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A Royally Revised Verse

A Royally Revised Verse

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Published by glennpease

The Lord direct your hearts into the love of God,
and into the patience of Christ." 2 Thess. iii. 5 (R.V.)

The Lord direct your hearts into the love of God,
and into the patience of Christ." 2 Thess. iii. 5 (R.V.)

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Published by: glennpease on Mar 26, 2013
Copyright:Attribution Non-commercial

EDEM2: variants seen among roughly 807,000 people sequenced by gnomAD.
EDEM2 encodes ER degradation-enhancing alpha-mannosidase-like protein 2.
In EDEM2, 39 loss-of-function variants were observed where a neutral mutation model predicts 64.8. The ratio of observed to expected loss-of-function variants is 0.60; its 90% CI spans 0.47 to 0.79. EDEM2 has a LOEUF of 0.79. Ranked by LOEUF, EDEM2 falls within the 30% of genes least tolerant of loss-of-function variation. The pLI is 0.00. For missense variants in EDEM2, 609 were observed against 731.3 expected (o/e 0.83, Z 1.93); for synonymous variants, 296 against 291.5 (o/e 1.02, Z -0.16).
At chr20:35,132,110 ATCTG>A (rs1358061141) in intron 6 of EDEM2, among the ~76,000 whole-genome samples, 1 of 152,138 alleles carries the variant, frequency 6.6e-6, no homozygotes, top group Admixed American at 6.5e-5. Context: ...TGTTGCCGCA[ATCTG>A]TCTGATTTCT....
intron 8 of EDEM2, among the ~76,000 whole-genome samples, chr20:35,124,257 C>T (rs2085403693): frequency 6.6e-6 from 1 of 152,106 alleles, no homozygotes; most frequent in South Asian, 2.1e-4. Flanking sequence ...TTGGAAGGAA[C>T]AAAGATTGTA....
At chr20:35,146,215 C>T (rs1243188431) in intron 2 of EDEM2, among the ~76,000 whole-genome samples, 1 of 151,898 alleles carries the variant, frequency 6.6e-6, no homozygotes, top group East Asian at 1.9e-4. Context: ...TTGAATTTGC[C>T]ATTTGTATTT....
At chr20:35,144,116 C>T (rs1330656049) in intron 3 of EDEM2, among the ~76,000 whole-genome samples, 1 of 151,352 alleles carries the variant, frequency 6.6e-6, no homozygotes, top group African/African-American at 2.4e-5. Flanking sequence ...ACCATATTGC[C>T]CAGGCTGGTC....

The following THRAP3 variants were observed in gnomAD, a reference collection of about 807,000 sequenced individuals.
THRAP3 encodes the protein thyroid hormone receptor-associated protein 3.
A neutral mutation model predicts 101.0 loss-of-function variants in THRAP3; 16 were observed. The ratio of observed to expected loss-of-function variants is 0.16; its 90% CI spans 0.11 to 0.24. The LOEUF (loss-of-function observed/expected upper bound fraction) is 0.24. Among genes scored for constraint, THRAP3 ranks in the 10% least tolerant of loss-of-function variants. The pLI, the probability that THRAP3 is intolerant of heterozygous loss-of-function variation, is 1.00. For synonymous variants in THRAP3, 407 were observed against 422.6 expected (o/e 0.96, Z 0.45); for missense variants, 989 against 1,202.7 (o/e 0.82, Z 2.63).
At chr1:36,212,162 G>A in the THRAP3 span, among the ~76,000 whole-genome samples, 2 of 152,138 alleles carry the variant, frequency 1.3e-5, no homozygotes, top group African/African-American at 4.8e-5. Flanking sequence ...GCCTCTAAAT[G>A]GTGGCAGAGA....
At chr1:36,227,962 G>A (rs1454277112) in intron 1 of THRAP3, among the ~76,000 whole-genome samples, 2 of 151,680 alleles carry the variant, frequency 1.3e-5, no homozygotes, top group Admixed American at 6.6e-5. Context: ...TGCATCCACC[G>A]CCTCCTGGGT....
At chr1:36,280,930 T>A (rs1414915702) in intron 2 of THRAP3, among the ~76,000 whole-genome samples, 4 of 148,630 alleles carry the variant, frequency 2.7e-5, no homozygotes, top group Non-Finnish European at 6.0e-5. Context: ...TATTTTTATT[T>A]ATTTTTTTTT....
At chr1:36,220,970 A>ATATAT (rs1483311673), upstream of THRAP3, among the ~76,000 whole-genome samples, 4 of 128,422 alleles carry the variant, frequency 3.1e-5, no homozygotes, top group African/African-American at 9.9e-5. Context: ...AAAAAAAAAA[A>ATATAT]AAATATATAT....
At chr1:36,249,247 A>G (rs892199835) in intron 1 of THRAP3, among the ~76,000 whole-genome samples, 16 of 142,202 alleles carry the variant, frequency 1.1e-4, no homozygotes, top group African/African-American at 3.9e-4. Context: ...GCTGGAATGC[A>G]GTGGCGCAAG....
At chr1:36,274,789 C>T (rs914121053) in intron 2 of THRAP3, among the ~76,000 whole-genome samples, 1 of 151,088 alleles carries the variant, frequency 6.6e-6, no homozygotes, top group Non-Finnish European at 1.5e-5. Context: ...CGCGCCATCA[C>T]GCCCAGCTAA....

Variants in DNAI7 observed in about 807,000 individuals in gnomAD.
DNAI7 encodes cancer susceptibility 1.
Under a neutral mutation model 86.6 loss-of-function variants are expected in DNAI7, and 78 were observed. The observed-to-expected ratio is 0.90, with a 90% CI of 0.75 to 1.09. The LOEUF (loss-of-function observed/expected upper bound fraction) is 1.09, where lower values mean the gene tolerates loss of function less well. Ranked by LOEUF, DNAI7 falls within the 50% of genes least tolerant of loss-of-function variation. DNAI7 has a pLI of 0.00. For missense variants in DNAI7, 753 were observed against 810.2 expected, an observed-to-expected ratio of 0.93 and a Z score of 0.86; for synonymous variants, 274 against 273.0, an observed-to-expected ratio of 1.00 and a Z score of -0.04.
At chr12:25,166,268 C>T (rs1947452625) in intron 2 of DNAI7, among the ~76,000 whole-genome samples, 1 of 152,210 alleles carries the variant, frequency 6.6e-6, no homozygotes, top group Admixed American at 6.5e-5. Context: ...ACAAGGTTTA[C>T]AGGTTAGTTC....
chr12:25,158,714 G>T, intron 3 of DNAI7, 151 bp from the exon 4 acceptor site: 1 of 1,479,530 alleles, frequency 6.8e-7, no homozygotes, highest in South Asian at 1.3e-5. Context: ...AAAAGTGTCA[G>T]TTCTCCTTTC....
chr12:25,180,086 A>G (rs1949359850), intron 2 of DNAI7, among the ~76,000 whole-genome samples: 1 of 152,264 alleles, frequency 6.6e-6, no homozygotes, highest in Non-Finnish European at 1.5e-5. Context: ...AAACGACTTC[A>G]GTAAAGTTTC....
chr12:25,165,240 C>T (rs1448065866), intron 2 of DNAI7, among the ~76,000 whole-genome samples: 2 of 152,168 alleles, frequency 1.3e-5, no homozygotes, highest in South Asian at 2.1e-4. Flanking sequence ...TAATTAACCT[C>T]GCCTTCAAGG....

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A ROYALLY REVISED VERSEBY DAN CRAWFORD, F.R.G.S.The Lord direct your hearts into the love of God,and into the patience of Christ." 2 Thess. iii. 5 (R.V.)REMEMBERING as we do how life s joy and incentive is pivoted on the love of God, it can conceivably be never amiss to send out the old call,"Behold, what manner of love!" But herein islove, not that we loved God but that He loved uswith a love that would not let us go. His loveto us, not our love to Him is the theme.Therefore the immediate concern of these linesis to claim (and reclaim!) for the love of God along-lost proof -text. Where the E. V. has revisedlet us revise too. For God s love in the immutable fact of life: not our love to God, but Hispassion for us. And to turn our backs upon theobjective Ocean of Love to be engrossed with thesubjective drop in our cold hearts, is surely to jeopardise joy.Yet even thus has Paul s charge to the Thes-salonians been distorted. We believe memory is6364 APOSTOLIC CHRISTIANITYnot a fault in suggesting that following the er-roneus A. V. this Pauline phrase has been persistently pressed as urging a deeper subjectiverealisation of the love of God, and charging themto be more warm of heart and more aflame withlove. That such a meaning is quite foreign to thecontext can be proudly proved for the loyal loveof these Thessalonians is not at all in question.Not their love to God is the theme, but God slove to them : l The Lord direct your hearts intothe love of God." For the entering of theirhearts into God s love is not at all the same sweetthing as the love of God entering into their hearts.His objective love is an ocean, and our subjectivecapacity is a drop : And Paul s call, we shall see,is to look off to the boundless and soundlessocean. Not to look in at the dreary drop !iThis is how we prove the point.That the context reveals hearts of love at Thes-